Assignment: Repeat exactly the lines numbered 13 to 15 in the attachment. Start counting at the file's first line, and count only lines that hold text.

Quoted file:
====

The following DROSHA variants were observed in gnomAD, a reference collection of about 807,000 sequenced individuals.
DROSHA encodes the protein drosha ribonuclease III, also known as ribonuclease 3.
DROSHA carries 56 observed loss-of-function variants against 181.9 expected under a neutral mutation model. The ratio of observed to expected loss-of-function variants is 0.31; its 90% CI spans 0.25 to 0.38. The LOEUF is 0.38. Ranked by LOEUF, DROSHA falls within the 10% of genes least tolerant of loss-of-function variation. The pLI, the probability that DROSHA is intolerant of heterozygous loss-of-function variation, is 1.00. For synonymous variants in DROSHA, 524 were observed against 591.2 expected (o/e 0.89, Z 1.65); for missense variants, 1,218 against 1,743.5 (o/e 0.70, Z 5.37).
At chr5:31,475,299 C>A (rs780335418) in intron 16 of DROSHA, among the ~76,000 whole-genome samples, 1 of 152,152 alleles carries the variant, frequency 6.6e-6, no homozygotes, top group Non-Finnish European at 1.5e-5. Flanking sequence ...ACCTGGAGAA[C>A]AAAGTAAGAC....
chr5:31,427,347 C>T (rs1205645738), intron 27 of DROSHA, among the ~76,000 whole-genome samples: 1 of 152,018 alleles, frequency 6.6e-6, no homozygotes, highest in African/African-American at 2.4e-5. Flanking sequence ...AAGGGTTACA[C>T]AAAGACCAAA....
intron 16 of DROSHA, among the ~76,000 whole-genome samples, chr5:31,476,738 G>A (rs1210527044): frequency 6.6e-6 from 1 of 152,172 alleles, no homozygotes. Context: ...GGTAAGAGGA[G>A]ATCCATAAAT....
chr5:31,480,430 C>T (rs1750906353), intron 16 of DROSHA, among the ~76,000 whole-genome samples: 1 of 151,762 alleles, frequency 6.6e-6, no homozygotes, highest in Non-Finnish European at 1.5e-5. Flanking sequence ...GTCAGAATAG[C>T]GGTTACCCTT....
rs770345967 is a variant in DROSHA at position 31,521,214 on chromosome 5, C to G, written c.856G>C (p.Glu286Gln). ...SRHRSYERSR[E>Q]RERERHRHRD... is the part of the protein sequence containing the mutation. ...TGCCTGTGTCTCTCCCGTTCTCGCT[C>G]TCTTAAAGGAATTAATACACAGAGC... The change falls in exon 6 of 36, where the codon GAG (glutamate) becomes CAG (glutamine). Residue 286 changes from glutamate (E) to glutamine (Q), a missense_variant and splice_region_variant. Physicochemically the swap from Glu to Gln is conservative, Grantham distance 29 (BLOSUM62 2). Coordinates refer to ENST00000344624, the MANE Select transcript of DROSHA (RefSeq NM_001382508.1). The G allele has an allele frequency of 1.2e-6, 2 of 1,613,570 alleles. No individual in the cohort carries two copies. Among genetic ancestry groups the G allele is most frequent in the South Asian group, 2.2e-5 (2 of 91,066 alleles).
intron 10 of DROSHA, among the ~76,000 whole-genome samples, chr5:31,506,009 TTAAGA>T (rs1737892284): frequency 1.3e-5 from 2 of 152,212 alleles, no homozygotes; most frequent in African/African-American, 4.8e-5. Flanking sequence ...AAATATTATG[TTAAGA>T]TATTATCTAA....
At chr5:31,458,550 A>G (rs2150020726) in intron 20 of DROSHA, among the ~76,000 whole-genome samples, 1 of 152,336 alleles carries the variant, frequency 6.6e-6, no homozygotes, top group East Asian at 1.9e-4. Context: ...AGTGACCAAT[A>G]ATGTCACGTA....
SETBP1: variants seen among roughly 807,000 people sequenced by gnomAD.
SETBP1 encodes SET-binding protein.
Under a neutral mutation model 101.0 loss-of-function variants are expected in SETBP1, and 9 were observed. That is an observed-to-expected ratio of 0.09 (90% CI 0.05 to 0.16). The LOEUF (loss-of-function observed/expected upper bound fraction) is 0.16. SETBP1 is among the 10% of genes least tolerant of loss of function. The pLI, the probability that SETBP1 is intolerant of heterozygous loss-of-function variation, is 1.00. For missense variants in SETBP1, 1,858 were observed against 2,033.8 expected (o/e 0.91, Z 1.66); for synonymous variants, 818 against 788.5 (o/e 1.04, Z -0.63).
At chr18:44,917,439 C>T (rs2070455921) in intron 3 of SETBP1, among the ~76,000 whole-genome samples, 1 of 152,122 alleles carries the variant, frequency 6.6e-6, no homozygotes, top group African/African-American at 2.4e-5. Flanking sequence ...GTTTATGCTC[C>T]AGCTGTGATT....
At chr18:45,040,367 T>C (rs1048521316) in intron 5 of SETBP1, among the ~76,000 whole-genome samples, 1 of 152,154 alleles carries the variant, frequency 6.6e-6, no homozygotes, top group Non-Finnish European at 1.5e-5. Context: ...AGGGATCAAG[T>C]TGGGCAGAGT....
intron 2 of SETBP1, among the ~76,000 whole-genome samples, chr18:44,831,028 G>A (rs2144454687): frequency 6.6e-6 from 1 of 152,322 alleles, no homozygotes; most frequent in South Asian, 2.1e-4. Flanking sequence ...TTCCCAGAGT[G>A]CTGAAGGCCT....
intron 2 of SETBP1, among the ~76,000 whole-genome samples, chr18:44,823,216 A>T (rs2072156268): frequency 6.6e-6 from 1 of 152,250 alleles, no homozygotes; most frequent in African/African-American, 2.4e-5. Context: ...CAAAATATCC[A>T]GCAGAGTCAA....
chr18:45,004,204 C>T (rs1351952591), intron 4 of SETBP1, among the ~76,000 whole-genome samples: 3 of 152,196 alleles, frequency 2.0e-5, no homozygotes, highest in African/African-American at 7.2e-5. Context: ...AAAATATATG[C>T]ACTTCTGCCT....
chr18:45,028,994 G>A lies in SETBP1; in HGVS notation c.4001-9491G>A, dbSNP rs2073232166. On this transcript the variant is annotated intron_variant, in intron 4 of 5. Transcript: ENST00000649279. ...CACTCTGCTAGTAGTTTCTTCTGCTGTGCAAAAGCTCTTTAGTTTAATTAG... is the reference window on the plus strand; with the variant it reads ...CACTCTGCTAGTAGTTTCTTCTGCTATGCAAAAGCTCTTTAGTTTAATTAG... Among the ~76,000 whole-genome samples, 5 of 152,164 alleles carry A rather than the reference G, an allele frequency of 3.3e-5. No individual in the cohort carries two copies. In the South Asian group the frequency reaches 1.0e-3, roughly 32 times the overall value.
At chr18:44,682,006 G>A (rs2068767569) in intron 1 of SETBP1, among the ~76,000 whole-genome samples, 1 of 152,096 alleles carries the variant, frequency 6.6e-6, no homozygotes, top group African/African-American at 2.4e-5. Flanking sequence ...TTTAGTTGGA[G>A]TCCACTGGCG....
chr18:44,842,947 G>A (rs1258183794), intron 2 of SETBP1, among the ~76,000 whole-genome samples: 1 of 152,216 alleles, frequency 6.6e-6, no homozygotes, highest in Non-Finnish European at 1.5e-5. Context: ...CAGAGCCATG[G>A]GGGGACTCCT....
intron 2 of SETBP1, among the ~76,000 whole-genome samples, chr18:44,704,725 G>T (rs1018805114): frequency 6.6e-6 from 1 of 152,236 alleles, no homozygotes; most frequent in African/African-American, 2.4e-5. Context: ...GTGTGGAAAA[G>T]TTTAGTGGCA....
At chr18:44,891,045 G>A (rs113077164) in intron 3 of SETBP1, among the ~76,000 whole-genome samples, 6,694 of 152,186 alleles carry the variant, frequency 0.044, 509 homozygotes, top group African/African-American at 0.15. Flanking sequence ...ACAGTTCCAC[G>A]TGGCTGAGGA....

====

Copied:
Under a neutral mutation model 101.0 loss-of-function variants are expected in SETBP1, and 9 were observed. That is an observed-to-expected ratio of 0.09 (90% CI 0.05 to 0.16). The LOEUF (loss-of-function observed/expected upper bound fraction) is 0.16. SETBP1 is among the 10% of genes least tolerant of loss of function. The pLI, the probability that SETBP1 is intolerant of heterozygous loss-of-function variation, is 1.00. For missense variants in SETBP1, 1,858 were observed against 2,033.8 expected (o/e 0.91, Z 1.66); for synonymous variants, 818 against 788.5 (o/e 1.04, Z -0.63).
At chr18:44,917,439 C>T (rs2070455921) in intron 3 of SETBP1, among the ~76,000 whole-genome samples, 1 of 152,122 alleles carries the variant, frequency 6.6e-6, no homozygotes, top group African/African-American at 2.4e-5. Flanking sequence ...GTTTATGCTC[C>T]AGCTGTGATT....
At chr18:45,040,367 T>C (rs1048521316) in intron 5 of SETBP1, among the ~76,000 whole-genome samples, 1 of 152,154 alleles carries the variant, frequency 6.6e-6, no homozygotes, top group Non-Finnish European at 1.5e-5. Context: ...AGGGATCAAG[T>C]TGGGCAGAGT....